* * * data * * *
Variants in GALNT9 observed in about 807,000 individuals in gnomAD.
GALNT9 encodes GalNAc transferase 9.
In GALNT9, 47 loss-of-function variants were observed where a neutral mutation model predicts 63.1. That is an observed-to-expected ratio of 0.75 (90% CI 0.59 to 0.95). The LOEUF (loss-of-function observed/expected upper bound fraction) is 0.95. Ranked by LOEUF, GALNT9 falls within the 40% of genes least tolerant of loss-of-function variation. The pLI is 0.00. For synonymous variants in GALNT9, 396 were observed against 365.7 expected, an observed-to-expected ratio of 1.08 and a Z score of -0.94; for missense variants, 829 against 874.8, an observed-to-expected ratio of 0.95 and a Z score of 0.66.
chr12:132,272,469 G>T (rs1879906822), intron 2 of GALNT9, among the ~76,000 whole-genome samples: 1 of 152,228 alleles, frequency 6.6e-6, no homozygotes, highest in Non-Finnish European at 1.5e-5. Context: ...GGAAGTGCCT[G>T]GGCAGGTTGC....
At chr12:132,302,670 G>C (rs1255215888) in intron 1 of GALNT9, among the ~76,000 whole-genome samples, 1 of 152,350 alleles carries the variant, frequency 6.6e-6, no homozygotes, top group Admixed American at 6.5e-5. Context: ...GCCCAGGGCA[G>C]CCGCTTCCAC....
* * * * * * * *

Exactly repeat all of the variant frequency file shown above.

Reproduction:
Variants in GALNT9 observed in about 807,000 individuals in gnomAD.
GALNT9 encodes GalNAc transferase 9.
In GALNT9, 47 loss-of-function variants were observed where a neutral mutation model predicts 63.1. That is an observed-to-expected ratio of 0.75 (90% CI 0.59 to 0.95). The LOEUF (loss-of-function observed/expected upper bound fraction) is 0.95. Ranked by LOEUF, GALNT9 falls within the 40% of genes least tolerant of loss-of-function variation. The pLI is 0.00. For synonymous variants in GALNT9, 396 were observed against 365.7 expected, an observed-to-expected ratio of 1.08 and a Z score of -0.94; for missense variants, 829 against 874.8, an observed-to-expected ratio of 0.95 and a Z score of 0.66.
chr12:132,272,469 G>T (rs1879906822), intron 2 of GALNT9, among the ~76,000 whole-genome samples: 1 of 152,228 alleles, frequency 6.6e-6, no homozygotes, highest in Non-Finnish European at 1.5e-5. Context: ...GGAAGTGCCT[G>T]GGCAGGTTGC....
At chr12:132,302,670 G>C (rs1255215888) in intron 1 of GALNT9, among the ~76,000 whole-genome samples, 1 of 152,350 alleles carries the variant, frequency 6.6e-6, no homozygotes, top group Admixed American at 6.5e-5. Context: ...GCCCAGGGCA[G>C]CCGCTTCCAC....